All through the long dark day the gray clouds swept over
the cresting waters of the bay, the news as relentless as the rain
with its coronavirus and its dire death toll rising, its stock markets
plunging, its global oil war pouring fuel on the flames of our
collective economic and emotional meltdown – and, yes, it felt
as if all hell was being unleashed and hope was nowhere
to be seen, and the collapse into dystopia was, at last, complete.
How, I wondered, do we keep our spirits up when the cup itself
carries the poison, never mind the contents of the chalice
or the malice of some brazen bad-ass operating in the flesh
as opposed to that which is invisible and passes unseen.
What befalls us in the raw cut of time, binds us to a series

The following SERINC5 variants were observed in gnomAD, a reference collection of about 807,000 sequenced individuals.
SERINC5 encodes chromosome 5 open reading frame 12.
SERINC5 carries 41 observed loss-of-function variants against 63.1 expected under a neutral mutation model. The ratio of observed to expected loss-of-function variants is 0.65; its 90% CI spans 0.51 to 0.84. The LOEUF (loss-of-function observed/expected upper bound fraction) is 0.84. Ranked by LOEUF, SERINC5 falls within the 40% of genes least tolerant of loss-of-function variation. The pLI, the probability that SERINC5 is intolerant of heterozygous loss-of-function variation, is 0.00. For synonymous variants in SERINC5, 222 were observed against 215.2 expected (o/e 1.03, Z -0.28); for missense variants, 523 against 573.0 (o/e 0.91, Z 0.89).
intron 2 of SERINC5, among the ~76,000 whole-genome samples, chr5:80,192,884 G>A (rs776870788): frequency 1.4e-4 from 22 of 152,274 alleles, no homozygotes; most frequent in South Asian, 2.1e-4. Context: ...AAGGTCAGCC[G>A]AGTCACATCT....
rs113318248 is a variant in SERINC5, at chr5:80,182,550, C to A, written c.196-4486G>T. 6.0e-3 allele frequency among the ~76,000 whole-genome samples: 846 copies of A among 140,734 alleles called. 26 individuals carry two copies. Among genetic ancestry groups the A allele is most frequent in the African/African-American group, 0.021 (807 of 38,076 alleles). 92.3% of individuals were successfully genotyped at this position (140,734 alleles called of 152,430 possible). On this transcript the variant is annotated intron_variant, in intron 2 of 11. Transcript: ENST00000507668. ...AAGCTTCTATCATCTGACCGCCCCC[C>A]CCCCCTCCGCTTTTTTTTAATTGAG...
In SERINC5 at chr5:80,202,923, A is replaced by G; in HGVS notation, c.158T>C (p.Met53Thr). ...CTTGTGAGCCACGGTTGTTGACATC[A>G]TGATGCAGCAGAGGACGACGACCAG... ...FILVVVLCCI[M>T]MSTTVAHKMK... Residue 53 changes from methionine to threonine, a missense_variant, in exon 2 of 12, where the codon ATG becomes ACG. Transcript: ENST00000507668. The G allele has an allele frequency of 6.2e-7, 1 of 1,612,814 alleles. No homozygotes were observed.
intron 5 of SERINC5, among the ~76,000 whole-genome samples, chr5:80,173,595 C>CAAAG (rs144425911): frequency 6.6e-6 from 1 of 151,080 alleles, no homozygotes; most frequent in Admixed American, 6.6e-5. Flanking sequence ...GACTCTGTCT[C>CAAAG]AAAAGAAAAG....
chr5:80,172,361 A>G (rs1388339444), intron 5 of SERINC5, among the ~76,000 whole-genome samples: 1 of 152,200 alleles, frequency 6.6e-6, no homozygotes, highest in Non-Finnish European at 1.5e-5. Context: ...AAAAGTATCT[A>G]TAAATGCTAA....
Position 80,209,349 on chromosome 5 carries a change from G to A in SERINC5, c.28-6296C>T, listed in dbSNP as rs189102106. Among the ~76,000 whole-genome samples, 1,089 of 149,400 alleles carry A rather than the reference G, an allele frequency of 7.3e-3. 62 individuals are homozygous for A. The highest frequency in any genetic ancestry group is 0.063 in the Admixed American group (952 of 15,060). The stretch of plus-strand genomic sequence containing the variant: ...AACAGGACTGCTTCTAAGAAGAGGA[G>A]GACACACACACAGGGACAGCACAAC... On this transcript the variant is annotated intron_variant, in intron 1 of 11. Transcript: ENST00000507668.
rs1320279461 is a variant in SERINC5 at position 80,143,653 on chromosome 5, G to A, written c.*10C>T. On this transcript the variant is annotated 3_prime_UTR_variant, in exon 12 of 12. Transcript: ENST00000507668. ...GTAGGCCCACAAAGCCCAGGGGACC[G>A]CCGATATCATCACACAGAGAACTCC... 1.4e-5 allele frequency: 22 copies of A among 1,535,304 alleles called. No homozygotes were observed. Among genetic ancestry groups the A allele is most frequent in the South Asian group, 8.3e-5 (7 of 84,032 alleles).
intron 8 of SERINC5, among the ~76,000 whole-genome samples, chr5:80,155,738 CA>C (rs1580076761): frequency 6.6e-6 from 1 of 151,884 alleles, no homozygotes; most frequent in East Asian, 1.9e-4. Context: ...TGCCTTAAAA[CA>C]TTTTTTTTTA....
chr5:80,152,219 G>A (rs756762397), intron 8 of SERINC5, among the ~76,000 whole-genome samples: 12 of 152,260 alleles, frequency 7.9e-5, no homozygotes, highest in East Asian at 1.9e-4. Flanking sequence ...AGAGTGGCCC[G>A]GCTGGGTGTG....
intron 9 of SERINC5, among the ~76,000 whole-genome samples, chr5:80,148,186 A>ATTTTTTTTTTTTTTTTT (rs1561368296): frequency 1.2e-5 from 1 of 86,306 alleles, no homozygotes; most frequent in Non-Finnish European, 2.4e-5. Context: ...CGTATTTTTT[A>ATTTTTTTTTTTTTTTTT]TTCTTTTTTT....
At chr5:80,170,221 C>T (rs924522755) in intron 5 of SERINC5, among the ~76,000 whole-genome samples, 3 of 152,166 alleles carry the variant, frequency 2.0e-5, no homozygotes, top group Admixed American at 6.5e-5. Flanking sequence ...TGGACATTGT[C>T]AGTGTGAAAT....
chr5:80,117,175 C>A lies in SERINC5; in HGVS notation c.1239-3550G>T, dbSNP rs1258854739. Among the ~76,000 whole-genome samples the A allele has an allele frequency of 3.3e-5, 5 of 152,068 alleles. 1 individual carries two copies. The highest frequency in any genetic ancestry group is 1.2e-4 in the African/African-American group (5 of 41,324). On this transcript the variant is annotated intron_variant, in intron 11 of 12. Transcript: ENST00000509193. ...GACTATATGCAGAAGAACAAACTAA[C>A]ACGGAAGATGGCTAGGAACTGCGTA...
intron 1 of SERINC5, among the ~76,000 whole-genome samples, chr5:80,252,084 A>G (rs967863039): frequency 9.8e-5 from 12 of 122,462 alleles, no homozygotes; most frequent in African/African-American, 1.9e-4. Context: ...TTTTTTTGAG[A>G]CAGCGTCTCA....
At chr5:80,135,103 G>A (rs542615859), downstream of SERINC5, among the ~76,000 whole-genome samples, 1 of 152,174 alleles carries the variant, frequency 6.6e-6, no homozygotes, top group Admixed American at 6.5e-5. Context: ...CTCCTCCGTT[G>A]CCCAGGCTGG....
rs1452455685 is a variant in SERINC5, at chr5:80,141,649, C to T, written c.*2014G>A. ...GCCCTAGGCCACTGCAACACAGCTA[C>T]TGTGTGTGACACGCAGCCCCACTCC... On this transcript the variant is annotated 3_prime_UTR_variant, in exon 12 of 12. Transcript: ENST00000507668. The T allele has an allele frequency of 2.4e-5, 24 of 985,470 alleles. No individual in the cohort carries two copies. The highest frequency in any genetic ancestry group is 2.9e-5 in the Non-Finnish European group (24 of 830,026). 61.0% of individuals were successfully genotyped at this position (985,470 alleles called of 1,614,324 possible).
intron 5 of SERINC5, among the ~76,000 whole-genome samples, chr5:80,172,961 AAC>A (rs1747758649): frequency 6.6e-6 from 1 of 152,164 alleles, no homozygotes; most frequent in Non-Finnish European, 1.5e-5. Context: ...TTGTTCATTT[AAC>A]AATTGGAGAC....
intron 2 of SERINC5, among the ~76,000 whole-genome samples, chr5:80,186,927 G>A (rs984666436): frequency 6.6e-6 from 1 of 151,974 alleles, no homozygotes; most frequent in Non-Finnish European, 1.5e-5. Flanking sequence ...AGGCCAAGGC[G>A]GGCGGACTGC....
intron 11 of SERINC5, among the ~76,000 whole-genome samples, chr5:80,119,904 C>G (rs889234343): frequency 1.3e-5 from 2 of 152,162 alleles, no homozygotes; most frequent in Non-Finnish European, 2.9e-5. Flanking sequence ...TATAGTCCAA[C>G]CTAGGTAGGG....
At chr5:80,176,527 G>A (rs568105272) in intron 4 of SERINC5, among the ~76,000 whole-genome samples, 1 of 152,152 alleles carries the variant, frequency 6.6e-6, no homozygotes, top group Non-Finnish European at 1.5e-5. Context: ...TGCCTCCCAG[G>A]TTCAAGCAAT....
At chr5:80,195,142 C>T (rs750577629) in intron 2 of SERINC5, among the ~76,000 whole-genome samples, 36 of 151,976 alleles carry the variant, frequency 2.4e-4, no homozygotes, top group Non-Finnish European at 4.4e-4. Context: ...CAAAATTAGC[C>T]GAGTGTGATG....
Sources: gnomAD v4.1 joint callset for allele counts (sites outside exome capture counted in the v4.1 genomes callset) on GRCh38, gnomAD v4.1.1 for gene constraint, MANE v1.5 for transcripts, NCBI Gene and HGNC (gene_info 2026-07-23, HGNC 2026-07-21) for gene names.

of events which we call history, which we call fate, which we
call the way of the world with its parade of births and deaths,
its good and evil, its endless weave of change and charge, fact
and fiction, knowns and unknowns, paradox and contradiction.
Suddenly, the danger zone is everywhere: a war at the front
in every home, every school, in every shop, factory and office.
“It’s as if we are playing Russian Roulette now
with an invisible pistol.”
This shall pass, at last, however, as all pandemics must,
though our cynicism will haunt us for years, and we shall
worry from time to time as we rush along to the next enticement,
the next excitement, the next crisis, proffering our prayers,
sharing our hopes and chasing our dreams, while our reeling
planet spins on, revolving upon its great seamless axis
of eternal renewal, bending gravity, space-time
and humanity itself to a life so mysterious and infinite
in scope that only poetry can hint
at its full magnitude and total magnificence.